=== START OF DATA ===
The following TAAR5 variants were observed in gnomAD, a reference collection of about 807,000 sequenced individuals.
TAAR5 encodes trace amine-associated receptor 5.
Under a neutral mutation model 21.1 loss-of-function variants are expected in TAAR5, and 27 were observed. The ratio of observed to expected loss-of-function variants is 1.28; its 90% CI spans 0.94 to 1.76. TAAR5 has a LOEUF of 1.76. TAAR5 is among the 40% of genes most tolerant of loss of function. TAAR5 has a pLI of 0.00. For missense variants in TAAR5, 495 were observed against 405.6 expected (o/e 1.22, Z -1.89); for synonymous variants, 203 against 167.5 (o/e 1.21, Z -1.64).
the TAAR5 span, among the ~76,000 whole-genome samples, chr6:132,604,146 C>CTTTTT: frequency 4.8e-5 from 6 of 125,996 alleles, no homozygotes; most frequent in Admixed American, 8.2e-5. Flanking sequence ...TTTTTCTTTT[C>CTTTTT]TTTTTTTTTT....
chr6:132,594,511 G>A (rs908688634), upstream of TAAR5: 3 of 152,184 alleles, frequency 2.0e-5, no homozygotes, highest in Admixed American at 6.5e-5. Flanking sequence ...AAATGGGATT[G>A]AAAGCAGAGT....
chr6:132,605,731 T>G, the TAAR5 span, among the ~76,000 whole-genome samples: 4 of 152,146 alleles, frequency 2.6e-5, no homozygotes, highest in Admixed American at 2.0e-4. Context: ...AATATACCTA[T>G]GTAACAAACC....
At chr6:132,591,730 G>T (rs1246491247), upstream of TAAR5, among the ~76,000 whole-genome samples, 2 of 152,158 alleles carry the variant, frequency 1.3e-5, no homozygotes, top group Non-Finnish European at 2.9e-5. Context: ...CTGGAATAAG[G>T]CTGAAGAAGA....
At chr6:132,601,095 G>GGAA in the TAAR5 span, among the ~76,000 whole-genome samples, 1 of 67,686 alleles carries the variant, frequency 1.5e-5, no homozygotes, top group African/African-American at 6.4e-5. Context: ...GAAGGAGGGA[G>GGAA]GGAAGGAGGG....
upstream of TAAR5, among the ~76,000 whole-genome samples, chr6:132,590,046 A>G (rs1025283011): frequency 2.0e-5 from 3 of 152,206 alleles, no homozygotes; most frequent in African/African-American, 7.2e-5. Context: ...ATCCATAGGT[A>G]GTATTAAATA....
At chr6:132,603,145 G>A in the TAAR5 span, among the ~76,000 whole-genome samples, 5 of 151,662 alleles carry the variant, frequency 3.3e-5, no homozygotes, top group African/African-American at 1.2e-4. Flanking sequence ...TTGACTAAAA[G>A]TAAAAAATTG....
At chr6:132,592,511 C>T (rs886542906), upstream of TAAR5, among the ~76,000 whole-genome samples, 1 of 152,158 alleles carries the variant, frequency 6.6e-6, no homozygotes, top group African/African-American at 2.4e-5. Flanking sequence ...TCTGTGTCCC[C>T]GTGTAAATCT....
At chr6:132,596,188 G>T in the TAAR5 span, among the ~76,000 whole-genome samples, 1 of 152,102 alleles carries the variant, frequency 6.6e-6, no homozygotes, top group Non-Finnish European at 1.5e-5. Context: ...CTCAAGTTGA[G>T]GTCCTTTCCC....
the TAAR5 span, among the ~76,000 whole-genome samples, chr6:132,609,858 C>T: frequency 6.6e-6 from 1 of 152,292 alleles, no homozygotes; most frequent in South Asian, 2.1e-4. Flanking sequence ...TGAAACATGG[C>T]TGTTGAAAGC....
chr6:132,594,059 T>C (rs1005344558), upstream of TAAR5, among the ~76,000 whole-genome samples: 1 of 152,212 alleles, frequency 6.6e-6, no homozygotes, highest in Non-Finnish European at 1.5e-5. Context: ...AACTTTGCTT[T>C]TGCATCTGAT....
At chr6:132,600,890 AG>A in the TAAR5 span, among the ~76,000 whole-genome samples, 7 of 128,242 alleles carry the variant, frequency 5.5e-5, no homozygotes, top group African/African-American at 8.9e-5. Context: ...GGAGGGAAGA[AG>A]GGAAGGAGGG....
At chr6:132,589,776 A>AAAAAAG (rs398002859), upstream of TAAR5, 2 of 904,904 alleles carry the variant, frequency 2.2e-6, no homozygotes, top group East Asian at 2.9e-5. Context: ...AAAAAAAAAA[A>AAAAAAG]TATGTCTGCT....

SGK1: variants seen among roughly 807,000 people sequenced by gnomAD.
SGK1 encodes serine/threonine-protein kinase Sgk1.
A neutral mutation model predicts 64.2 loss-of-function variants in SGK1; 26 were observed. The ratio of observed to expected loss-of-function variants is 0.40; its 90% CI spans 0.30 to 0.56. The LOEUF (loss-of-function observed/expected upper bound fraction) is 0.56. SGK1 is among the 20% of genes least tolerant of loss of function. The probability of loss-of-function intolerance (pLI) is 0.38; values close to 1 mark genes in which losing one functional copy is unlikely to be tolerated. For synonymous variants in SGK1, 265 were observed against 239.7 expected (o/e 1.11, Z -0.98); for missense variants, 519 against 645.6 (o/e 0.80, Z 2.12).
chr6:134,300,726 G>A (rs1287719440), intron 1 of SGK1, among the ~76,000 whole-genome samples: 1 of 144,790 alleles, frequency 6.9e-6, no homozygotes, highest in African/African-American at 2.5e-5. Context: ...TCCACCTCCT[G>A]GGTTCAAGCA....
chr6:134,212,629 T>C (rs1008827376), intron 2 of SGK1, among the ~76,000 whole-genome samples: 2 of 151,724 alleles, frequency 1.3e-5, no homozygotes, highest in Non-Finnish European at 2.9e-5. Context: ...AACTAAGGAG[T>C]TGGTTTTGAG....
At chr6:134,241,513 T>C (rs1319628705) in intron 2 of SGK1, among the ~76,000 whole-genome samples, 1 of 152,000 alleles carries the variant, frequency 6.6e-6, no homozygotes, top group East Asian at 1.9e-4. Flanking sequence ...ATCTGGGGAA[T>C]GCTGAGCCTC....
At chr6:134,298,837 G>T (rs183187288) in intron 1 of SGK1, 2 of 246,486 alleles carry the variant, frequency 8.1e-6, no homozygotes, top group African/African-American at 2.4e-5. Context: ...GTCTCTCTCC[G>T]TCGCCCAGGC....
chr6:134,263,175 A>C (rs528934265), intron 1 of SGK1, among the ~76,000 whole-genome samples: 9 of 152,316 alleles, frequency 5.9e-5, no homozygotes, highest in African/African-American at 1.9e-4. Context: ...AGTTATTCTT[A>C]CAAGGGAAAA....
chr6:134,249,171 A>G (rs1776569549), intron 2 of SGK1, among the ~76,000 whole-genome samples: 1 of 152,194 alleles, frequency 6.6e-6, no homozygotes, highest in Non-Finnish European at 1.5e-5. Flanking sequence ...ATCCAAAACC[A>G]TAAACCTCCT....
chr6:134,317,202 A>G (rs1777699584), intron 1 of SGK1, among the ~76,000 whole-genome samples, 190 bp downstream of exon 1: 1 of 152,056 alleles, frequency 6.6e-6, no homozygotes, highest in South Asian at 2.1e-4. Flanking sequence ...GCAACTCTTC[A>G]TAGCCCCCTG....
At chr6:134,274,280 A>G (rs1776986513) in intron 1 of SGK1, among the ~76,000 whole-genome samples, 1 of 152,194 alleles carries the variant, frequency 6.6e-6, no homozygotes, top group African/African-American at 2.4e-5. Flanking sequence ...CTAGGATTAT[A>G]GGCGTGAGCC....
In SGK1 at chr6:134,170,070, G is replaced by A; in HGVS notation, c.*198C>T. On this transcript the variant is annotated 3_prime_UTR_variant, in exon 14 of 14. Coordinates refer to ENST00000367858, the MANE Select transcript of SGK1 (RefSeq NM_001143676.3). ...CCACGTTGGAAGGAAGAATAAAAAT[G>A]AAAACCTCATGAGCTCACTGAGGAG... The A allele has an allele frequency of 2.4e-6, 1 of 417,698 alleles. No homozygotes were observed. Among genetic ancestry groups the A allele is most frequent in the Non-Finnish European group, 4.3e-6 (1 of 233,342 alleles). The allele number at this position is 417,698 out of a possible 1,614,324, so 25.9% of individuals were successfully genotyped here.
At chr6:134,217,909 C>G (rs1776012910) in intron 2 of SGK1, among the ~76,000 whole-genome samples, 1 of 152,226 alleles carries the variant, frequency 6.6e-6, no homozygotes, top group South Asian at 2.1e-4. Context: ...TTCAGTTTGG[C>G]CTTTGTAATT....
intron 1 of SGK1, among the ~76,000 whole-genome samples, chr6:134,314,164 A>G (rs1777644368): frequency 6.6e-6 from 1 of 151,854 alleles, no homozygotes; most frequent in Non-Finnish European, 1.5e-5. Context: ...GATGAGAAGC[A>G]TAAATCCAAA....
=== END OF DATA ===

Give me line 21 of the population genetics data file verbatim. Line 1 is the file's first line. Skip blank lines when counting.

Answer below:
chr6:134,212,629 T>C (rs1008827376), intron 2 of SGK1, among the ~76,000 whole-genome samples: 2 of 151,724 alleles, frequency 1.3e-5, no homozygotes, highest in Non-Finnish European at 2.9e-5. Context: ...AACTAAGGAG[T>C]TGGTTTTGAG....